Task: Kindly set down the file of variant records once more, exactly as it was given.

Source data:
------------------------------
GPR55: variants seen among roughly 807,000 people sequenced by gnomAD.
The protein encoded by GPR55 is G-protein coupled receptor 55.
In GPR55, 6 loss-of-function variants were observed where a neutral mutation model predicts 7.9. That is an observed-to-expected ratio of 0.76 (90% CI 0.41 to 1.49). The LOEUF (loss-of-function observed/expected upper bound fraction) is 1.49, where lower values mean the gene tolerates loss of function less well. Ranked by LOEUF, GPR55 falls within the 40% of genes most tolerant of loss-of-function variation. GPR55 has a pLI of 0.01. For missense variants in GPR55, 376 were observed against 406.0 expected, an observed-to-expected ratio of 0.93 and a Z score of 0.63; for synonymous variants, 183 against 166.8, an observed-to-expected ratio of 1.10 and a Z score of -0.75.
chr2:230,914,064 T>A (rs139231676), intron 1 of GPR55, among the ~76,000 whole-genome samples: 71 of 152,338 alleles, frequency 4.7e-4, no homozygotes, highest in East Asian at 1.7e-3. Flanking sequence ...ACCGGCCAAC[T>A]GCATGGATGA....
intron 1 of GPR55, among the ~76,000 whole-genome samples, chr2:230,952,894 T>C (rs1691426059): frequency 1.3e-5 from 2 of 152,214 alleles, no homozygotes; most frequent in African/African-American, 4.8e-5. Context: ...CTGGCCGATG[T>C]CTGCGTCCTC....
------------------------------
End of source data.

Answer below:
GPR55: variants seen among roughly 807,000 people sequenced by gnomAD.
The protein encoded by GPR55 is G-protein coupled receptor 55.
In GPR55, 6 loss-of-function variants were observed where a neutral mutation model predicts 7.9. That is an observed-to-expected ratio of 0.76 (90% CI 0.41 to 1.49). The LOEUF (loss-of-function observed/expected upper bound fraction) is 1.49, where lower values mean the gene tolerates loss of function less well. Ranked by LOEUF, GPR55 falls within the 40% of genes most tolerant of loss-of-function variation. GPR55 has a pLI of 0.01. For missense variants in GPR55, 376 were observed against 406.0 expected, an observed-to-expected ratio of 0.93 and a Z score of 0.63; for synonymous variants, 183 against 166.8, an observed-to-expected ratio of 1.10 and a Z score of -0.75.
chr2:230,914,064 T>A (rs139231676), intron 1 of GPR55, among the ~76,000 whole-genome samples: 71 of 152,338 alleles, frequency 4.7e-4, no homozygotes, highest in East Asian at 1.7e-3. Flanking sequence ...ACCGGCCAAC[T>A]GCATGGATGA....
intron 1 of GPR55, among the ~76,000 whole-genome samples, chr2:230,952,894 T>C (rs1691426059): frequency 1.3e-5 from 2 of 152,214 alleles, no homozygotes; most frequent in African/African-American, 4.8e-5. Context: ...CTGGCCGATG[T>C]CTGCGTCCTC....